“We think it is highly possible that Apple will make an investment in Sharp’s Kameyama plant to the tune of around $1 billion in order to secure stable supply of screens for iPhones and iPads,” he said, adding that Apple’s investment would have a “material impact on Sharp’s profitability.

Last December, Japanese business newspaper Nikkei claimed Apple would pay a “large portion” of the 100 billion yen (UD$1.3 billion) required to build a new LCD manufacturing facility and would buy “most” of the panels produced there. Production was said to begin at the plant in the later half of 2012.

On Monday, a rumor emerged that Sharp’s supply of 9.7-inch 2,048 by 1,536 resolution next-generation iPad displays are insufficient for an iPad 3 launch in 2011. It was noted that the high-resolution displays are “mainly supplied” by Sharp with a high price, and Apple’s other suppliers Samsung Electronics and LG Display are both “unable to reach a good yield.”

“Due to iPad 3’s requirements over the physical thinness, rich color support and toughness will all conflict with the panel’s technology restrictions; therefore, this could cause a delay in the launch,” the report said.

LCD displays have reportedly been a limiting factor for both the original iPad and the second-generation model.

Apple was also said to be helping Toshiba on a new LCD plant last year, but an official with the supplier claimed “nothing had been decided” regarding a new plant. In April, reports claimed Toshiba had become the sole manufacturer of LCDs for the iPhone.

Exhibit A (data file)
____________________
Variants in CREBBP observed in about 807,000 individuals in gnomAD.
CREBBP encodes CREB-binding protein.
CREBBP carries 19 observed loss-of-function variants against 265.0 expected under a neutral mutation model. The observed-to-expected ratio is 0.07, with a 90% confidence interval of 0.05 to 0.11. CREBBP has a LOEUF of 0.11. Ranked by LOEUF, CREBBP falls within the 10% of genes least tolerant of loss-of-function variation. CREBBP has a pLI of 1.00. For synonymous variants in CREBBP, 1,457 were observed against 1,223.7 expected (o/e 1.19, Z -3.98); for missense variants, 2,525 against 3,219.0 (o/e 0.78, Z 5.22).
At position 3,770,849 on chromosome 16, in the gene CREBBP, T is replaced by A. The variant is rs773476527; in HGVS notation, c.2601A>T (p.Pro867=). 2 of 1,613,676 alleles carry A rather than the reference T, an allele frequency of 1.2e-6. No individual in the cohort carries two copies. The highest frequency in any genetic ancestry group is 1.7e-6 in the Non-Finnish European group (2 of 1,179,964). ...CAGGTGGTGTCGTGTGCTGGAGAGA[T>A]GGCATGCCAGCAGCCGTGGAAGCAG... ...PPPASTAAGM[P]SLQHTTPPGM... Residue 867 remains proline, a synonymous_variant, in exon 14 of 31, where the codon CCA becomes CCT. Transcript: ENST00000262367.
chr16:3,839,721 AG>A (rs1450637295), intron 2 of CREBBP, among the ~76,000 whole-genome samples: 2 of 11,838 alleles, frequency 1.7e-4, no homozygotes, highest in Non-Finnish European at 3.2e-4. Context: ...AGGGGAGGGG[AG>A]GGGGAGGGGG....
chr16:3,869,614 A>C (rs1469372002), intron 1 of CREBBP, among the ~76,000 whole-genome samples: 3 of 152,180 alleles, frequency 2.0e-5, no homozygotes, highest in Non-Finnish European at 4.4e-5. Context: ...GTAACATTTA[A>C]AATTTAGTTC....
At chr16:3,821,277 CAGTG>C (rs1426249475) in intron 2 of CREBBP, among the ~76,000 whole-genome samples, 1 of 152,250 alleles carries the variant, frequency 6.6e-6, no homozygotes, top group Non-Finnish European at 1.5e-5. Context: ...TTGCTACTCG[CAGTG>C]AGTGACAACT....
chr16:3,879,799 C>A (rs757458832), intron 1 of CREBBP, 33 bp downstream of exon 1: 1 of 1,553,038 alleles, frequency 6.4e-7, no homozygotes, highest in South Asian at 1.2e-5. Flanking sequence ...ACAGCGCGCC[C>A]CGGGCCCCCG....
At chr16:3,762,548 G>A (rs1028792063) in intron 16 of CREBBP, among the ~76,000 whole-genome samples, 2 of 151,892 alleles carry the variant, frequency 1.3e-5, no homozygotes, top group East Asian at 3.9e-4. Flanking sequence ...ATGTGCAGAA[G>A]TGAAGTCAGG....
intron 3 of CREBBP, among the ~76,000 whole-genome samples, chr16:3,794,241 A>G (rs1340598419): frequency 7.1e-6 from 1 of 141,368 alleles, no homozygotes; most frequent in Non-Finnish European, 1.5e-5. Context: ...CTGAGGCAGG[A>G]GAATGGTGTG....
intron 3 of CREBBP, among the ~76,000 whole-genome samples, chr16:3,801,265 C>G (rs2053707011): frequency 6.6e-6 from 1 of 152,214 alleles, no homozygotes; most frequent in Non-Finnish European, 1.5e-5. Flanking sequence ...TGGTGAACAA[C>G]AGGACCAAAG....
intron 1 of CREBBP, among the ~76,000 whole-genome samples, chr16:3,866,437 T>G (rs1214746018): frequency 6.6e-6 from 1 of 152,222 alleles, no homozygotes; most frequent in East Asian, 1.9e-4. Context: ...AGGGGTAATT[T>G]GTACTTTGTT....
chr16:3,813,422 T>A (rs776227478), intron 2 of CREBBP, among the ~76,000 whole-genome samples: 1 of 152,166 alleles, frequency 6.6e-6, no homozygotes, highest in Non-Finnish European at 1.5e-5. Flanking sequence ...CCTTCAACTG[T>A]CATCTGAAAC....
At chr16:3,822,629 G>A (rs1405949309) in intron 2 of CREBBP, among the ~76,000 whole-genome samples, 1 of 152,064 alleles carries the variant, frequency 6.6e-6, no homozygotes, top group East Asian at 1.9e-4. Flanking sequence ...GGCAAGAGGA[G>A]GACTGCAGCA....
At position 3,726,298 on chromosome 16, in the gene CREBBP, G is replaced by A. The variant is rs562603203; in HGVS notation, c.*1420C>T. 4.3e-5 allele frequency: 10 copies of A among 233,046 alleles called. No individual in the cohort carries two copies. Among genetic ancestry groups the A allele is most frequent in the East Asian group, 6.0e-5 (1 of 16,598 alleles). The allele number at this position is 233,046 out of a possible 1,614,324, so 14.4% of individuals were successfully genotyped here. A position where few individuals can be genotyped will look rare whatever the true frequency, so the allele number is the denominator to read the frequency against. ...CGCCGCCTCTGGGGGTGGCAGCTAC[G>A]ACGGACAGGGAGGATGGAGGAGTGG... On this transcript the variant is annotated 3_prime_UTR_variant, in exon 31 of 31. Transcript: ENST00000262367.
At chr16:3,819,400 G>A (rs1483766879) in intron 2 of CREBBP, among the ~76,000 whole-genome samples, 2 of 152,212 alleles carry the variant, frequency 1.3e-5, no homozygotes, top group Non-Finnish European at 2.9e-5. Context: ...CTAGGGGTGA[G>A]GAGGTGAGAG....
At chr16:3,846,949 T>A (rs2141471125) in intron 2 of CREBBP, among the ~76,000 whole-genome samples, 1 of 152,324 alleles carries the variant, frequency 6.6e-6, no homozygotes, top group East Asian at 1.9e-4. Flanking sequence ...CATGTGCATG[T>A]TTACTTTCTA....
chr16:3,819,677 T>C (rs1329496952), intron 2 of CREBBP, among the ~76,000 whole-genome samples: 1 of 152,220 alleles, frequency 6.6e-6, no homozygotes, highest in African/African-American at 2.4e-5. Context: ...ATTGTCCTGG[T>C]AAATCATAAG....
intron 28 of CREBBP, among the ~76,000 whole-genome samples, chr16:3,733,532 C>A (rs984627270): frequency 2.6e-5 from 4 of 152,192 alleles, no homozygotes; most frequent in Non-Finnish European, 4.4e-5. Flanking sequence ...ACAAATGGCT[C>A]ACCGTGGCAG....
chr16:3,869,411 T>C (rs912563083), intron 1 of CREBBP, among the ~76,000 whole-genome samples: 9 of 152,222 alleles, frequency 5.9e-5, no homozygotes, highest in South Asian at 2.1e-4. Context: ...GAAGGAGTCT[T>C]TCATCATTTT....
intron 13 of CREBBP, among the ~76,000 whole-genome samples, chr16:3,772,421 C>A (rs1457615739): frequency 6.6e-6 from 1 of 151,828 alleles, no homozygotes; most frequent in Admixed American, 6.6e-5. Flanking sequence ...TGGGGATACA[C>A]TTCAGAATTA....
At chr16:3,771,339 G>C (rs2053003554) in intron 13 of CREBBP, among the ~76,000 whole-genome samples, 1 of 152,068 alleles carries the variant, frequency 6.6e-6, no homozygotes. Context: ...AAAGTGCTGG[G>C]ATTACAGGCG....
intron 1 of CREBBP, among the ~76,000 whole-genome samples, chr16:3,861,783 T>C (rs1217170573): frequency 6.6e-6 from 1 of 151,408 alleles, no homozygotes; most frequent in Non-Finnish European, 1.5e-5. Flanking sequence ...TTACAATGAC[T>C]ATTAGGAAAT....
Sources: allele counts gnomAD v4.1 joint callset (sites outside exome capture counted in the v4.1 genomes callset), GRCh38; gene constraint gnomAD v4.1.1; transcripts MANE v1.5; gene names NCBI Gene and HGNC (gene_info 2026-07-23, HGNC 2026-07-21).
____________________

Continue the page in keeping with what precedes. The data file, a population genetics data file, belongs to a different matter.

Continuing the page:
Stay tuned for additional details as they become available.

Recent Apple patent shows move to build wireless antennas into Mac keyboards

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Date: Wednesday, August 17th, 2011, 03:46
Category: News, Patents

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The U.S. Patent & Trademark Office granted Apple a batch of 20 patents on Tuesday, including one for an invention that describes integrating wireless antennas into a keyboard.

Per AppleInsider, the filing entitled “Antennas for electronic devices,” describes “key antennas,” or radio-frequency transmitters mounted inside individual keys of a keyboard, for devices such as a laptop computer. Apple suggests that fitting a key with an antenna resonating element, such as a flex circuit containing a strip of conductor, a piece of stamped metal foil and a length of wire, could serve as an improved antenna design.

Possible advantages from the invention include a more pleasing appearance by avoiding protruding antennas and reduced risk of damage to the antenna. According to the application, the antenna would function better when the key was not being pressed because of an “increase in separation” between the antenna and the conductive housing of the device.

Apple also suggests that the key antenna could include an indicator light, such as the one found on the “caps lock” key.

One embodiment of the invention would utilize the keyboard to add wireless functionality to a non-wireless device by way of a wired connection. The keyboard could also be used to extend wireless capabilities of another device after being wirelessly coupled with it.

The invention lists Wi-Fi and Bluetooth as possible communications methods, though it also references the use of the patent with “other types of communications links,” such as GPS and 3G data.

Apple filed for the patent on Apr. 2, 2008. Chris Ligtenberg, Brett William Degner and Douglas Blake Kough are credited as the inventors.